Historic running tour of Duffus and the Laich of Moray
A RUN can be so much more than just burning the calories. This nine-mile loop around the Laich of Moray is as much a sight-seeing tour as exercise, with stately homes, ancient churches and the option for an exciting excursion along the coastline.
Dave and I started at Duffus Village Hall where a chilly northerly wind gave me an outlook similar to that of the black clouds looming to the north. We knew that it wouldn’t be particularly pleasant but the upside of the stiff breeze would be that the forecast hail and sleet showers should pass quickly.
Taking the footpath beside the road towards the Duffus Inn, we turned right along a minor road, the leafless trees on the verge failing to offer any protection from a particularly mean sleet shower.
We followed a sign pointing right into the graveyard of St Peter’s Kirk. A church has been located on this site since at least 1190 and, sheltering from the wind and rain in the lee of the ancient chapel wall, there was a feeling of age among the centuries-old gravestones.
Sleet now easing, we made our way out of the rear of the graveyard, following a path through an avenue of trees alongside arable fields, turning left at the track end to reach Shempston House. The house’s grand hedge-lined drive made for a good short race down towards Old Duffus and once at the end I could see the ruins of Duffus Castle against the skyline.
Reaching the castle car park, we turned left to run around the outside of the moat as Dave assured me this circuitous approach to the castle was worth the detour. Sure enough around the “side” of the castle the original cobbled bridge led over the water-filled ditch and made for a stately entrance to the motte.
The ruins are great fun to explore with one of the most noticeable features (after the garderobe, always my favourite place to find in a castle) being the alarming angle of one of the curtain walls that has slipped down the side of the castle mound.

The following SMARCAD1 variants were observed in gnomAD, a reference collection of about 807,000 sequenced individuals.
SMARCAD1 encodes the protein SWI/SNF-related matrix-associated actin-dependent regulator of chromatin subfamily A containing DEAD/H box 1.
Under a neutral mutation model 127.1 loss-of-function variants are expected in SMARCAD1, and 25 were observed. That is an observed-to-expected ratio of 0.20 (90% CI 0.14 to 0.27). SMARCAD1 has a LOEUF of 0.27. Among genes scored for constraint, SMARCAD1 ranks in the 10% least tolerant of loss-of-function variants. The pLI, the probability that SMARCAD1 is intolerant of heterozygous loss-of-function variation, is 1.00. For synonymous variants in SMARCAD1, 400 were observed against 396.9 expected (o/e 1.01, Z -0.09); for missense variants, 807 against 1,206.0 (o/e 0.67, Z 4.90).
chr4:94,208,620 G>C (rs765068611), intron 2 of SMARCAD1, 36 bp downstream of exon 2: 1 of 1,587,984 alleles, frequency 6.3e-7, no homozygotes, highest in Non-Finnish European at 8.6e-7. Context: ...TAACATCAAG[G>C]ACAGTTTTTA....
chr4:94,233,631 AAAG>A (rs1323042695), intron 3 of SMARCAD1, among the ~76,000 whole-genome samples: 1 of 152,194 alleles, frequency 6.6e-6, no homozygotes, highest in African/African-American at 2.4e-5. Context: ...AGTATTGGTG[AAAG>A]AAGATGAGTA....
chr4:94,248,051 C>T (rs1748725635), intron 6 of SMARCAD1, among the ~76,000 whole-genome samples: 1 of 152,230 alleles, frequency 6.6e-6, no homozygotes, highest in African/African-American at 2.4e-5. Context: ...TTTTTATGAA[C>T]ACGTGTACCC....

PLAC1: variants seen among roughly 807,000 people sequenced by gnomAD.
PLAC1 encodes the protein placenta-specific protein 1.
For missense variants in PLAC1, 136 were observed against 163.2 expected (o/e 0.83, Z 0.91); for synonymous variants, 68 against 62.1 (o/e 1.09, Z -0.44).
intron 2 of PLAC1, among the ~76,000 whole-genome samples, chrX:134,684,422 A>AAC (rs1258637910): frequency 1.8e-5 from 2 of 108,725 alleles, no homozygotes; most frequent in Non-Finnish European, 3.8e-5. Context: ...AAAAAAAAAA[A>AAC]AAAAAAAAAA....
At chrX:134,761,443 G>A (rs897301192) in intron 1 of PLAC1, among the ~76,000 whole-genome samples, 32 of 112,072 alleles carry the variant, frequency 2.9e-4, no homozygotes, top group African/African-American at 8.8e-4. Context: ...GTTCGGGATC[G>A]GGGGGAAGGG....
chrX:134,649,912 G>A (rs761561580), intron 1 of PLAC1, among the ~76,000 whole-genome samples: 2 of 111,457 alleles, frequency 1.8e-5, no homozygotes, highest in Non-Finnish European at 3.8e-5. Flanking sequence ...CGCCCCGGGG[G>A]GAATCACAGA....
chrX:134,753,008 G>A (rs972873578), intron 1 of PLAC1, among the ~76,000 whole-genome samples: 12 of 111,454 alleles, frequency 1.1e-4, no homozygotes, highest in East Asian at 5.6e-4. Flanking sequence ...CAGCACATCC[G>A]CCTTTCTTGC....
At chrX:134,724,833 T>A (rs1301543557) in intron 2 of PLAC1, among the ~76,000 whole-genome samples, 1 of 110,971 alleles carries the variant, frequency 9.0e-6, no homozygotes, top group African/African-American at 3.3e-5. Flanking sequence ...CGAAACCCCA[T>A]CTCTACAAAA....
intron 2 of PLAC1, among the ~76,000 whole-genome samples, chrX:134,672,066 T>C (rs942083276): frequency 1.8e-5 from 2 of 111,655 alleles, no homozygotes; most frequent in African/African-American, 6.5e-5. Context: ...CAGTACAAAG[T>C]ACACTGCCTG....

After a thorough investigation of the castle we retraced our route up the drive of Shempston House, turning right to run behind the house and across the runway of Shempston airfield. Unsurprisingly, given the inclement flying conditions, the grass strip was deserted.
The grand lake leading up to Gordonstoun House then came into view and we turned to run alongside the water. Turning right before reaching the imposing mansion a tree-lined avenue led towards our next destination, another small place of worship called Michael Kirk.
Surrounded by daffodils and enjoying some gentle warmth from the spring sunshine now breaking through the clouds, I found its centuries-old burial ground a peaceful place to pause.
Skirting the school playing fields we joined a lane heading directly northwards toward the coast. A stiff headwind and slight incline hampered any chance of getting up some easy speed and, after crossing the main Lossiemouth-Hopeman road, the route carried straight on along a farm track. White horses adorning the Moray Firth confirmed the wind was as strong out to sea as it felt on land.